Art as Therapy

Art Therapy is based on the underlying terms that the artistic/creative process can be in some shape or form – healing. It can repair the human body and soul; a way to analyse ones thought from spontaneous artistic outlets. Art Therapy is used in many fields and with various patient and cliental. Progressing from young children with autism or troubled upbringings to schizophrenics to the depressed, and even to people with terminal diseases such like cancer. This creative form of therapy can be manifested in bountiful ways – it perhaps is not what is typically thought of to be “therapy”.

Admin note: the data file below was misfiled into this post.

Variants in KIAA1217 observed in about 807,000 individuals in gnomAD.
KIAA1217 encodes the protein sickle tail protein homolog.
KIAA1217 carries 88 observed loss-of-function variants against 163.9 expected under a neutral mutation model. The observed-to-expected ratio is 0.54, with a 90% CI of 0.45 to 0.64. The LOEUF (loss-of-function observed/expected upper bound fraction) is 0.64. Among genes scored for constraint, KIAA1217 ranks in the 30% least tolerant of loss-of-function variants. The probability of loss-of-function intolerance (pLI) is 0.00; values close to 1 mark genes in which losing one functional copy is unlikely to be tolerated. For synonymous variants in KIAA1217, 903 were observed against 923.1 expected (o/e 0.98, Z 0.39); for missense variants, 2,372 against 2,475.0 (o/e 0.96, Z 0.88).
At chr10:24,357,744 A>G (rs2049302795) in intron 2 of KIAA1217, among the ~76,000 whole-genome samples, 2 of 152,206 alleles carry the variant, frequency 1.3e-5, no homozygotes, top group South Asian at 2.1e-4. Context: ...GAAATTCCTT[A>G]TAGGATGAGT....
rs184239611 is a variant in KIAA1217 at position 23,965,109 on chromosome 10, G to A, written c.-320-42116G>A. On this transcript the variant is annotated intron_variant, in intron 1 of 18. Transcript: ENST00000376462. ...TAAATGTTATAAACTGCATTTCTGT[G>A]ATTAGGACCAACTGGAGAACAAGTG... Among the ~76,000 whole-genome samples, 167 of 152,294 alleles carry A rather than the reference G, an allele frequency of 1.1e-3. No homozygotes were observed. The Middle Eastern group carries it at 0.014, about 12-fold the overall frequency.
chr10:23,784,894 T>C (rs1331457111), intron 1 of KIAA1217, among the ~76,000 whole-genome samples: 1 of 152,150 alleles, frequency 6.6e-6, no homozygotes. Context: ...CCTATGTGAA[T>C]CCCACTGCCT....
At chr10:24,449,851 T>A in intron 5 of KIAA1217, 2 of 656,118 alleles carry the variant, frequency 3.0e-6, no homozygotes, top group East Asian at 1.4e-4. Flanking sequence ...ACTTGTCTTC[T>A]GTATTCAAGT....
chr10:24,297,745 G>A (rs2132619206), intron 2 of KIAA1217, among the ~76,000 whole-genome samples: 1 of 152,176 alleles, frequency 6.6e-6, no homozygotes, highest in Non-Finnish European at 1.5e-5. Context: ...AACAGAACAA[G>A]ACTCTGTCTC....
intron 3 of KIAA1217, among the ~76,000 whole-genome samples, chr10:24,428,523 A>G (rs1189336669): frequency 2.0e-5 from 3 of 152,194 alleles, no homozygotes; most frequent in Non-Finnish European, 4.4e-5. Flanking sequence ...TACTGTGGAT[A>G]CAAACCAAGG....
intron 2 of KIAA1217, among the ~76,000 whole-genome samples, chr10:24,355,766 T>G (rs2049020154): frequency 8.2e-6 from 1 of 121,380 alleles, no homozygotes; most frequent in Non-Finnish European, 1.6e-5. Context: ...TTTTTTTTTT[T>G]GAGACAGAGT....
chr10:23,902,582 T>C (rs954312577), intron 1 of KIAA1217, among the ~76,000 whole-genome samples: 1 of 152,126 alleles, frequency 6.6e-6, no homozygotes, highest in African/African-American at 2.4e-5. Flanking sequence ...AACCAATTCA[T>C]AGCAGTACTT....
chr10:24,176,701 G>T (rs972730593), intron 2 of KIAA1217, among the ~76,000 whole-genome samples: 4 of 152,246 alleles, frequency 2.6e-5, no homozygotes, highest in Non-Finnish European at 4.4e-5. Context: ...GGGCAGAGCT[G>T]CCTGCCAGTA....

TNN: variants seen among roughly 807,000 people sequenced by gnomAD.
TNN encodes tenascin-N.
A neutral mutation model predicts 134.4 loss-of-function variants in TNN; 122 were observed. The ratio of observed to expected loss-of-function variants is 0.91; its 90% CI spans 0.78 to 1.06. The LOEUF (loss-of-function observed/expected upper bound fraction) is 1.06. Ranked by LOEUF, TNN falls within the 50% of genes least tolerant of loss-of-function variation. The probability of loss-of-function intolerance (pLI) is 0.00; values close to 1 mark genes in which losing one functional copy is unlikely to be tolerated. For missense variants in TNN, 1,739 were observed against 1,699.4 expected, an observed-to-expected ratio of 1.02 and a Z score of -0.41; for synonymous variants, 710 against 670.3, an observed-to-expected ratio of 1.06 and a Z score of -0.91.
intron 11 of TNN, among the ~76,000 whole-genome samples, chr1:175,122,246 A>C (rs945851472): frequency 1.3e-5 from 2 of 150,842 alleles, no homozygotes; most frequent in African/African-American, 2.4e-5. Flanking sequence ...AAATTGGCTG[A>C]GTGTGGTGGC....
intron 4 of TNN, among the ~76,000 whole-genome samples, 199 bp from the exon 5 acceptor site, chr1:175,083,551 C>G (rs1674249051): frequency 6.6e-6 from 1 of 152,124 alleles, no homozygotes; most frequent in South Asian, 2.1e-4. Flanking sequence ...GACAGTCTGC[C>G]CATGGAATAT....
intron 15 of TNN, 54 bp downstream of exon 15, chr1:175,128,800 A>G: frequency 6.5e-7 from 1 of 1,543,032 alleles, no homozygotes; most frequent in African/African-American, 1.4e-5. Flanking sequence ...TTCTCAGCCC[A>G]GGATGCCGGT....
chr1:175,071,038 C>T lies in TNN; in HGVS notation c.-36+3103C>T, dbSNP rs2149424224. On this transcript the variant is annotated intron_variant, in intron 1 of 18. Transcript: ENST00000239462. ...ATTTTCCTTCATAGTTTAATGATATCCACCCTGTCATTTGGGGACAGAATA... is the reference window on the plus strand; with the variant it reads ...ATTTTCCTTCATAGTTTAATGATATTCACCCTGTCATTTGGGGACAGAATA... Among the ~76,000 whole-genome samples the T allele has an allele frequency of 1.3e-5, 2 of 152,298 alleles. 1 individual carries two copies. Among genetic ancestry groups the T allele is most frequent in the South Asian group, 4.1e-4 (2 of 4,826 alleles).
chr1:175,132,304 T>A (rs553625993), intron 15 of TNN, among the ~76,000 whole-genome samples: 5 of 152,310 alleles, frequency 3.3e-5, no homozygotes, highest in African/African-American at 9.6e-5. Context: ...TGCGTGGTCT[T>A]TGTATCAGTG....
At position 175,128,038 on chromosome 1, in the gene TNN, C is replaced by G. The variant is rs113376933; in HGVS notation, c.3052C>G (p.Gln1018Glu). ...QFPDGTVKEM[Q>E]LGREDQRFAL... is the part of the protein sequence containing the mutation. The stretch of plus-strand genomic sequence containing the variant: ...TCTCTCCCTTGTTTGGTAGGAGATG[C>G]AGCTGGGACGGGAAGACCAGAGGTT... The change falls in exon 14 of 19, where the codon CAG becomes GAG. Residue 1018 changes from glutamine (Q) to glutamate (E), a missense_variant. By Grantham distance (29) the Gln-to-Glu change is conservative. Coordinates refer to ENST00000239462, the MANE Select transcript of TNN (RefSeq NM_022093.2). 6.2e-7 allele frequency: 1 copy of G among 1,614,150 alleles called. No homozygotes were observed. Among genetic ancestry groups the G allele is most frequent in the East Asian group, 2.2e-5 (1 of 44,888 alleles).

It is not necessarily about the outcome but about the therapeutic process and thought process that is involved. It does not particularly matter what the drawing, or sculpture or film, etc., looks like – it matters that the client gains some sort of understanding within their consciousness.

“The product is less important than the therapeutic process.” – Malchiodi

The final outcome is not what should be the important thing, so to say, but rather the process that is involved. The process that has taken place for the patient to create what they have created. It is finding that niche that helps relax said patient.